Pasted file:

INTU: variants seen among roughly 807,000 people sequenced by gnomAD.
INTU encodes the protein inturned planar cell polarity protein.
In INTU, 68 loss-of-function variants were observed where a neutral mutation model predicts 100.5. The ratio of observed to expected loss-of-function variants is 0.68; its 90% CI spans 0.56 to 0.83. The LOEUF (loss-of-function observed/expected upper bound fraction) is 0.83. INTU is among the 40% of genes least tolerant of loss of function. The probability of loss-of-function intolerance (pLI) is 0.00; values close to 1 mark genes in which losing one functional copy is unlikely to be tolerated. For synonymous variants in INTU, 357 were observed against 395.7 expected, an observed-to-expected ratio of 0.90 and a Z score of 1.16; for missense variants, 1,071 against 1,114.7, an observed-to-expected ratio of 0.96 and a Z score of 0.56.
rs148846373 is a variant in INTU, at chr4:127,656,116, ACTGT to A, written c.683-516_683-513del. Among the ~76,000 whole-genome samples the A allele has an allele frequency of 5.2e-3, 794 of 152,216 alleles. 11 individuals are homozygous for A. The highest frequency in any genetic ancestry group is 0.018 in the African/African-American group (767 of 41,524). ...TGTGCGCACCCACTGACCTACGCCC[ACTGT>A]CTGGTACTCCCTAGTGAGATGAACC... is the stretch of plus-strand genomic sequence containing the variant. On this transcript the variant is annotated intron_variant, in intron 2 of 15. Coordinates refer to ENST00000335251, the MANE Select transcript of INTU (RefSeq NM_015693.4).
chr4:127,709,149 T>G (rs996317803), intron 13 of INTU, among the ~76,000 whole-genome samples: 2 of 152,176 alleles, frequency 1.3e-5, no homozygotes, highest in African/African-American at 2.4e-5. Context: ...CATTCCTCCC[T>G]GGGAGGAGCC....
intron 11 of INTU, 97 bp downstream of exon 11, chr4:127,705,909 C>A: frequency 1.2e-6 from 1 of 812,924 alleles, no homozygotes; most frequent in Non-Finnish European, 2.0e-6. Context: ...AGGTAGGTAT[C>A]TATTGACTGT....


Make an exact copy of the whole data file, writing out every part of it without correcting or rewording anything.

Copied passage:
INTU: variants seen among roughly 807,000 people sequenced by gnomAD.
INTU encodes the protein inturned planar cell polarity protein.
In INTU, 68 loss-of-function variants were observed where a neutral mutation model predicts 100.5. The ratio of observed to expected loss-of-function variants is 0.68; its 90% CI spans 0.56 to 0.83. The LOEUF (loss-of-function observed/expected upper bound fraction) is 0.83. INTU is among the 40% of genes least tolerant of loss of function. The probability of loss-of-function intolerance (pLI) is 0.00; values close to 1 mark genes in which losing one functional copy is unlikely to be tolerated. For synonymous variants in INTU, 357 were observed against 395.7 expected, an observed-to-expected ratio of 0.90 and a Z score of 1.16; for missense variants, 1,071 against 1,114.7, an observed-to-expected ratio of 0.96 and a Z score of 0.56.
rs148846373 is a variant in INTU, at chr4:127,656,116, ACTGT to A, written c.683-516_683-513del. Among the ~76,000 whole-genome samples the A allele has an allele frequency of 5.2e-3, 794 of 152,216 alleles. 11 individuals are homozygous for A. The highest frequency in any genetic ancestry group is 0.018 in the African/African-American group (767 of 41,524). ...TGTGCGCACCCACTGACCTACGCCC[ACTGT>A]CTGGTACTCCCTAGTGAGATGAACC... is the stretch of plus-strand genomic sequence containing the variant. On this transcript the variant is annotated intron_variant, in intron 2 of 15. Coordinates refer to ENST00000335251, the MANE Select transcript of INTU (RefSeq NM_015693.4).
chr4:127,709,149 T>G (rs996317803), intron 13 of INTU, among the ~76,000 whole-genome samples: 2 of 152,176 alleles, frequency 1.3e-5, no homozygotes, highest in African/African-American at 2.4e-5. Context: ...CATTCCTCCC[T>G]GGGAGGAGCC....
intron 11 of INTU, 97 bp downstream of exon 11, chr4:127,705,909 C>A: frequency 1.2e-6 from 1 of 812,924 alleles, no homozygotes; most frequent in Non-Finnish European, 2.0e-6. Context: ...AGGTAGGTAT[C>A]TATTGACTGT....